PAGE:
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Volume 21 No. 2
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IOC will consider proposals for U.S. network

The idea of a U.S. Olympic network is still alive.

In negotiating U.S. TV rights for the 2014 and ’16 Games later this year, the International Olympic Committee anticipates some bid proposals will include plans to launch a stand-alone 24-hour cable channel in the U.S. that will be devoted to the Olympics.

“We are looking at this idea around the world,” said Richard Carrión, an IOC executive committee member who is spearheading the U.S. negotiations. “What we do has to be in harmony with a lot of stakeholders — national Olympic committees, broadcasters, sponsors. … That said, we are open to exploring the concept.”

All of the U.S. networks expected to bid on the Games have considered launching a channel as part of their Olympic bids, media sources said.

“Over the past year, all the networks have had conversations with the USOC and IOC about the idea of launching a channel,” said one U.S. media executive.

The question is what such a channel would look like. A traditional cable television network faces several hurdles, including obtaining carriage on cable and satellite systems that are near capacity. No new channel launch over the past several years has approached the 70 million home distribution mark. The most successful launch — MLB Network — still is in 55 million homes, according to Nielsen.

NBC is the only network currently that can claim to have a stake in an Olympic network. It is a minority owner of Universal Sports, which has many of the marquee rights in Olympic sports like swimming, gymnastics and cycling.
Sources said ESPN has spoken to the IOC about the possibility of a broadband channel, patterned after ESPN3.

The IOC sees value in a U.S. Olympic television channel because it would make Olympic values relevant in the market year-round, Carrión said. The Olympics typically receive broadcast exposure in the U.S. only during the 17-day event every two years.

Though Carrión said that the IOC would be open to proposals that include plans for launching an Olympic network, that is not among the IOC’s top priorities in evaluating bids. Carrión said the foremost thing the IOC would be looking for is price. NBC paid $2.1 billion for the 2009-12 quadrennial, which includes the Vancouver and London Games, and Carrión expects an increase on that.

Beyond that, the way the Games are covered is important to the IOC. Carrión said the IOC wants to partner with a network that respects and plans to showcase the Olympic values, which include peace, sportsmanship and environmentalism.

“This is something that has to be handled very carefully,” Carrión said. “We are not a professional sports league. Yes, we do want to maximize the [television] revenues because those are revenues that are going to go to the development of sport, but we’re also at the service of a philosophy of life.”

This is not the first time the idea of an Olympic channel has been broached in the United States. The USOC started trying to put together a channel as early as 2006, eventually signing the biggest American cable operator, Comcast, as a partner in July 2009. That partnership dissolved in the summer of 2009 after the IOC, NBC and others bashed the partnership. The USOC subsequently shelved plans for a network, and some critics allege that the proposed network damaged Chicago’s bid for the 2016 Olympics, which were awarded to Rio that October.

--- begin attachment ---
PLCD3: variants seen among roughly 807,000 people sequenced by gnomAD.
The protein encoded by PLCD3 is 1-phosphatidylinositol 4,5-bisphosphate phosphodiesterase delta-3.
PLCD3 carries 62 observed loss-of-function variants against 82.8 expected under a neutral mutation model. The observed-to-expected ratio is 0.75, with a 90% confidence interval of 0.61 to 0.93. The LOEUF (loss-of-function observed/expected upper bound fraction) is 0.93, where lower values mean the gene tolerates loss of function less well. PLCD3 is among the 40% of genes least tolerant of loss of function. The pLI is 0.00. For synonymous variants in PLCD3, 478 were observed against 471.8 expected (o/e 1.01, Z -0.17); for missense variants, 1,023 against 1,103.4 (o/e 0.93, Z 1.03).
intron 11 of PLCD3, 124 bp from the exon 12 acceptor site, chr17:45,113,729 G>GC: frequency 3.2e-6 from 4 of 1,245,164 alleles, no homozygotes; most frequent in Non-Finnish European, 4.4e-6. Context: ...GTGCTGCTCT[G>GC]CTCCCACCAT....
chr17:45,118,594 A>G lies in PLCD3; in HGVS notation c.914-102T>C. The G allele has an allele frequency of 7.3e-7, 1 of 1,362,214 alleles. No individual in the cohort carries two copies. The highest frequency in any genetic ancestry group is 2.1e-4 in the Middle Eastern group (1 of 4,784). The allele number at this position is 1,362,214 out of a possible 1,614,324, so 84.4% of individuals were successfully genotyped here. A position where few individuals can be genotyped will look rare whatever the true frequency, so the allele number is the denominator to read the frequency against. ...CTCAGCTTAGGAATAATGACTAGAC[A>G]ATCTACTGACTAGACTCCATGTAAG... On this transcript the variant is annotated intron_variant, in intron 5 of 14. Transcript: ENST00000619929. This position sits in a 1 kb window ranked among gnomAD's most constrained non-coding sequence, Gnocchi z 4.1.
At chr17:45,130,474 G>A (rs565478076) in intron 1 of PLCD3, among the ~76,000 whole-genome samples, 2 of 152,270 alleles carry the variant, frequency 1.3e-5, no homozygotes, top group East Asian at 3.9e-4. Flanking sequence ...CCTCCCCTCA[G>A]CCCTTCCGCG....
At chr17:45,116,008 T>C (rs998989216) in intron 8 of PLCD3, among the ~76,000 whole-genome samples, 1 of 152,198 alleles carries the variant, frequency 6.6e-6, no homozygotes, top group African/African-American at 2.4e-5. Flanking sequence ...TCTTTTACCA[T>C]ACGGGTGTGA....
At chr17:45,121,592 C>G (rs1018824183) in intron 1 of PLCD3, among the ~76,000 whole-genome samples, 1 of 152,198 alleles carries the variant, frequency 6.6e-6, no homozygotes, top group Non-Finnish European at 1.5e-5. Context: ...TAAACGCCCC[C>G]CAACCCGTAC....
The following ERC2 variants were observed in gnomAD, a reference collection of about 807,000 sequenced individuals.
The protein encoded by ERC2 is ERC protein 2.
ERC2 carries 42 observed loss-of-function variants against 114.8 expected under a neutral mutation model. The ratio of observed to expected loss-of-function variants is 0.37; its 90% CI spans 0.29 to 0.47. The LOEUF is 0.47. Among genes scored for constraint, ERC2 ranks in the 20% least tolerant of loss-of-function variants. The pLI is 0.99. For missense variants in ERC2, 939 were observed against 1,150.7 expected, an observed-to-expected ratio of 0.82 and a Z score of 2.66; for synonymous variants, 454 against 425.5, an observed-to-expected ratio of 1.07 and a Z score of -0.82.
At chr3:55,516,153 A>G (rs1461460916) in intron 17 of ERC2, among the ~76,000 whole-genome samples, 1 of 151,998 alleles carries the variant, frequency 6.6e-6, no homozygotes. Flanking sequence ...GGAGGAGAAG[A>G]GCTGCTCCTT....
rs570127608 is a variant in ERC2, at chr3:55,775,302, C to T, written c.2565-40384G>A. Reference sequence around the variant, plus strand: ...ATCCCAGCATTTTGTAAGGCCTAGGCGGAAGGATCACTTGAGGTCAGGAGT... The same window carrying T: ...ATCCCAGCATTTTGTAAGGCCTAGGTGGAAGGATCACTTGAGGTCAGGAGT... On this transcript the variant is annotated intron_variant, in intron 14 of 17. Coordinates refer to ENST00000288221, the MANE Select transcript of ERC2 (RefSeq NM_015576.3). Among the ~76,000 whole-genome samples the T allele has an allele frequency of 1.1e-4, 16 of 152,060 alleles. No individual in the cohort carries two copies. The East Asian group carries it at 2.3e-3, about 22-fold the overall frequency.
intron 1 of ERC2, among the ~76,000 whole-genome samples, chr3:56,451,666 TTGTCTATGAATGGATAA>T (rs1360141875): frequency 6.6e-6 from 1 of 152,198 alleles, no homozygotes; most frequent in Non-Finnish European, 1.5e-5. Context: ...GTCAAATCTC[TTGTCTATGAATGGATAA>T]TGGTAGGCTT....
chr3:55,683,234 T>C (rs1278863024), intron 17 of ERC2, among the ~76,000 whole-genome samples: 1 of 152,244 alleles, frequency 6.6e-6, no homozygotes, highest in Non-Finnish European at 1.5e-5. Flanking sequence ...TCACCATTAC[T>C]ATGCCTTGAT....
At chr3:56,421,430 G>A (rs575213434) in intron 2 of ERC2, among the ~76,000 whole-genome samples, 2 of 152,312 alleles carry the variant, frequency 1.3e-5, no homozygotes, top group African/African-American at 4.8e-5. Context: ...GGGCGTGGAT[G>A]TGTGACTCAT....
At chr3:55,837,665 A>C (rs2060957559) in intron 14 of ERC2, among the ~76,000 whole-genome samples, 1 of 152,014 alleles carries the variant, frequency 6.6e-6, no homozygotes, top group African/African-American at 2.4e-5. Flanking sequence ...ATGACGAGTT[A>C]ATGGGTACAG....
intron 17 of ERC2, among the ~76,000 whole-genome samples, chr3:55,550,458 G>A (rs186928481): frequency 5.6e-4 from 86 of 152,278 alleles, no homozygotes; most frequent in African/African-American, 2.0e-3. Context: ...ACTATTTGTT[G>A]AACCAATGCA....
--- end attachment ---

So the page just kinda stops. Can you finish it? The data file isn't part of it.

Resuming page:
Now, the IOC anticipates the three expected bidders — NBC/Comcast, ABC/ESPN and Fox — to look into the feasibility of launching such a network. Of course, the bidders could decline to include a network.

Such a deal would require USOC approval. It also theoretically would be limited to the terms of the broadcast agreement with the IOC, potentially making it viable for a maximum of eight years.

The IOC doesn’t expect any wild-card bidders at the table when it opens negotiations. Carrión last year mentioned he thought Google or another new media company might be interested in bidding, but he said he doesn’t see that happening anymore. “This requires really a more complete set of assets than just digital assets,” Carrión said.

Fox, ABC/ESPN and NBC/Comcast have all said they plan to bid. CBS and Turner could make a joint bid, but that became less likely when the two committed $10.8 billion over 14 years for the NCAA tournament.

Carrión said the completion of the NBC-Comcast merger was a positive for the negotiations because it adds another network with an established sports channel. Comcast owns Versus, Golf Channel and a network of regional sports networks.

“We want to deal with folks that are committed to sports and that are willing to invest and have a record of investing in sports,” he said.

The IOC doesn’t plan to hire a consultant to assist it with the negotiations, Carrión said. In previous deals, it relied on counsel of IMG and Neal Pilson. It most recently enlisted the help of CAA to give it an overview of the U.S. market.

But Carrión, who is leading the negotiations, said the IOC is comfortable it can make its own contacts and manage the process itself. It will rely on the IOC’s internal legal team, the IOC television and marketing division led by Timo Lumme and the IOC’s outside law firm, O’Melveny & Myers.

“At the end of the day, this is about the people that are writing the check, not about consultants,” Carrión said. “Nobody’s going to give you a guarantee except the person writing the check.”